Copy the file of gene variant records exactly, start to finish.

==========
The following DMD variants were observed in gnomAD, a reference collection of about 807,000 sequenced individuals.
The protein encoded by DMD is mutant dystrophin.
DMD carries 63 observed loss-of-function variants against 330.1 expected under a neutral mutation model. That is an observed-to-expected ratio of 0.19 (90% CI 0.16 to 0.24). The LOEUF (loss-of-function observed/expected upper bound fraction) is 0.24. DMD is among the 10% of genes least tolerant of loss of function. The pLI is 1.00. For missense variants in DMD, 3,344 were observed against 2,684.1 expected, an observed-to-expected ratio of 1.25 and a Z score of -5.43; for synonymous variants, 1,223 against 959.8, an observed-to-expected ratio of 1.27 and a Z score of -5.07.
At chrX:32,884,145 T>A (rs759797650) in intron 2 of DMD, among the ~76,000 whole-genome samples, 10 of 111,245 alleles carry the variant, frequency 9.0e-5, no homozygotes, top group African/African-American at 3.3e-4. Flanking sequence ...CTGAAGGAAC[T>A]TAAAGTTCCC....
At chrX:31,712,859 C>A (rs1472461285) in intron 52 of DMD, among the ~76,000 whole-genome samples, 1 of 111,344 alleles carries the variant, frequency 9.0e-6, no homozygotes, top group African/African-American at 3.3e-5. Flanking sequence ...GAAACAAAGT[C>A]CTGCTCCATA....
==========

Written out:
The following DMD variants were observed in gnomAD, a reference collection of about 807,000 sequenced individuals.
The protein encoded by DMD is mutant dystrophin.
DMD carries 63 observed loss-of-function variants against 330.1 expected under a neutral mutation model. That is an observed-to-expected ratio of 0.19 (90% CI 0.16 to 0.24). The LOEUF (loss-of-function observed/expected upper bound fraction) is 0.24. DMD is among the 10% of genes least tolerant of loss of function. The pLI is 1.00. For missense variants in DMD, 3,344 were observed against 2,684.1 expected, an observed-to-expected ratio of 1.25 and a Z score of -5.43; for synonymous variants, 1,223 against 959.8, an observed-to-expected ratio of 1.27 and a Z score of -5.07.
At chrX:32,884,145 T>A (rs759797650) in intron 2 of DMD, among the ~76,000 whole-genome samples, 10 of 111,245 alleles carry the variant, frequency 9.0e-5, no homozygotes, top group African/African-American at 3.3e-4. Flanking sequence ...CTGAAGGAAC[T>A]TAAAGTTCCC....
At chrX:31,712,859 C>A (rs1472461285) in intron 52 of DMD, among the ~76,000 whole-genome samples, 1 of 111,344 alleles carries the variant, frequency 9.0e-6, no homozygotes, top group African/African-American at 3.3e-5. Flanking sequence ...GAAACAAAGT[C>A]CTGCTCCATA....